“Share today, gone tomorrow.”
If this concept sounds familiar, it should. Because this bears a strong resemblance to 2003 Japanese film 2LDK. Most obviously, both films are virtually single-location set pieces, in which the relationship between two room-mates devolve over the course of the feature, into a full-on brawl. Perhaps even more damningly, the original working title for this was 2BR/1BA – exactly like 2LDK, real-estate shorthand. [I wonder where the new title came from, since there’s no “wanted” at any point here] Yet there’s not even a “based on” credit to be seen, and no apparent acknowledgement of any inspiration. Hmm.
On the other hand, if the plot has more than some similarities, the tone and approach are different here. There’s much more in the way of social commentary here, with the disparate personas of the two young women. [Indeed, so disparate, you have to question how the heck they ever ended up sharing a house] Jamie (Vega) is serious-minded, the kind of person who labels her food in the fridge, and seeking to pursue an academic career, but desperately needs funds to cover tuition at her chosen college. Dee (Grammer) is a party girl, whose days are filled with going to the gym and tanning, while her nights are filled with tequila and casual sex.
The culture clash between them is obvious, and provides most of the dramatic tension, as well as the more comedic aspects. For instance, Dee offers to make Jamie a smoothie, and on being reminded the latter is vegan, replies that she’ll use low-fat milk. Grammer nails the vapid, wannabe model-type perfectly, yet there’s an undercurrent of bitterness (particularly, as things turn out, toward Jamie and her perceived superiority) and you get the sense she’s smarter than she appears. Jamie has her own set of insecurities to deal with; as well as her tuition situation, she just broke up with her boyfriend after finding a thong in his car’s glove-box. Might Dee be able to shed some light on that?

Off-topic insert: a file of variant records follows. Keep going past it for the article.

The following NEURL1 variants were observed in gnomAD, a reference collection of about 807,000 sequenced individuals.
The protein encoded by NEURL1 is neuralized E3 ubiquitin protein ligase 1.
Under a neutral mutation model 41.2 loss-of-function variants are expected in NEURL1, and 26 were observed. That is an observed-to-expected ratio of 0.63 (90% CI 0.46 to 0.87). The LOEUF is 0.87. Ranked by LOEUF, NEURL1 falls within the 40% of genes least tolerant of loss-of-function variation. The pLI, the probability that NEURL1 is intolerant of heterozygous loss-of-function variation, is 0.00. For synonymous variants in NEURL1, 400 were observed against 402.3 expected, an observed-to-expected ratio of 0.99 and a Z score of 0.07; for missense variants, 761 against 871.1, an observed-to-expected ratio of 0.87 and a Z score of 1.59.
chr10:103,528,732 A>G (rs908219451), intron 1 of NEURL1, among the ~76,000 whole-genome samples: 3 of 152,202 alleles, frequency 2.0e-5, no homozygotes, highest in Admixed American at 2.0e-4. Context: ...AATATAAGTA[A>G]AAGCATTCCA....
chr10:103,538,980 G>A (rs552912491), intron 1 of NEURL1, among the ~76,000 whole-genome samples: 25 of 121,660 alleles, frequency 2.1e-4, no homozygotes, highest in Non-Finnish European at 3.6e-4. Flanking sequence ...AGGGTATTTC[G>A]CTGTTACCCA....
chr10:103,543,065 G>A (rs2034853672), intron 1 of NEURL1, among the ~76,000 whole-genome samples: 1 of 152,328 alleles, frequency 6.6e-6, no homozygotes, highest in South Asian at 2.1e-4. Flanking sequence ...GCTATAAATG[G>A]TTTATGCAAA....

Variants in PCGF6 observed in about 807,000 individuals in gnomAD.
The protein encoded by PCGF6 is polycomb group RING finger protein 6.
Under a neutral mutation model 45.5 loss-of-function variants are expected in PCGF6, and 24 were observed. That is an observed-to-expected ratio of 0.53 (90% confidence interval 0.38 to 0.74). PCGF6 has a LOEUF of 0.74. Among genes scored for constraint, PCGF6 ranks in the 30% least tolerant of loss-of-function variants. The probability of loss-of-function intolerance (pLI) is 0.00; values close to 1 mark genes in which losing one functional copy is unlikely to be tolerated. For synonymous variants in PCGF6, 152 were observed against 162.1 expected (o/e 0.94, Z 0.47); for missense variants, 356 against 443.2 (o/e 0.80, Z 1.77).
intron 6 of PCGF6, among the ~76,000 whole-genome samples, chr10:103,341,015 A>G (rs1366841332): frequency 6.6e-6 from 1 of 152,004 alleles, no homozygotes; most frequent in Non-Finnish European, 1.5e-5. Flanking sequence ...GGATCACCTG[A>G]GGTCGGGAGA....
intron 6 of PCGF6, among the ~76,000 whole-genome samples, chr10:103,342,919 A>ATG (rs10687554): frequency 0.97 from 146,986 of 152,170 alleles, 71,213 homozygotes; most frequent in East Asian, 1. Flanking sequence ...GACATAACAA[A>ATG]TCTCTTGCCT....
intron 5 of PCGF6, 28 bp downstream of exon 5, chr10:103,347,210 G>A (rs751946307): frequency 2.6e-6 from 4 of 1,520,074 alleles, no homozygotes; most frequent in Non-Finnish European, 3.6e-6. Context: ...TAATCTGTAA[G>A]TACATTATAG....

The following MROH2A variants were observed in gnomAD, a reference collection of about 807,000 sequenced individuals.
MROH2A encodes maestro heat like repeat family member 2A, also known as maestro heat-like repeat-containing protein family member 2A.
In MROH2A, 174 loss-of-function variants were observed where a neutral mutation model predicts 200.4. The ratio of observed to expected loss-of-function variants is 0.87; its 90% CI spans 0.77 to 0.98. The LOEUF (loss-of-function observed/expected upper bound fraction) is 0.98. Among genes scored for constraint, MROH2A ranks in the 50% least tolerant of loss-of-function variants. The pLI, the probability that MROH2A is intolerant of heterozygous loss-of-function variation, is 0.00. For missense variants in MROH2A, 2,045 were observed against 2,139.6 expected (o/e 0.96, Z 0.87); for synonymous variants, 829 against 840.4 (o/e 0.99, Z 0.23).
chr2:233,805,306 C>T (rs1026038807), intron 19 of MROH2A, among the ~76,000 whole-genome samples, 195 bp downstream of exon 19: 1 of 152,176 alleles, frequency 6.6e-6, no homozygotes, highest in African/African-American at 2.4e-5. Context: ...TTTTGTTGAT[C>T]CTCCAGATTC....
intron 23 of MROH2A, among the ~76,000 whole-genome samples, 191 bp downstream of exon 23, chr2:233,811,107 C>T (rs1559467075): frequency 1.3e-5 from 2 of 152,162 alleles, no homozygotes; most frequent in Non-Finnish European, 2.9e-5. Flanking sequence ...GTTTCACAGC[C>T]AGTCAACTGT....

Where this isn’t as good as 2LDK is in the mayhem. The Japanese version was, literally, no-holds barred, up to and including the use of a chainsaw. Here, there’s rather too much of the protagonists standing at a distance and lobbing things at one another. While the cynical social commentary and bite can make up some of the difference, this needs to amp up the brutality significantly, and include more surprises. When a point is made of a giant fish-tank in the living room, you know it’s only a matter of time before it’s going to come crashing down in a mini-tsunami of water, broken glass and flailing fishies.
Then there’s the ending. It could be the greatest ever. Or the worst ever. I’d listen to arguments, and could be convinced in either direction. It certainly is… a shocking ending. I should say no more than that. We will remember it, that’s for sure. But we’ll be more likely to watch 2LDK again, and an interest in doing so, is likely the main takeaway from this unofficial reboot.
Dir: Rob Margolies
Star: Alexa Vega, Spencer Grammer, Kathryn Morris, Bryan Dechart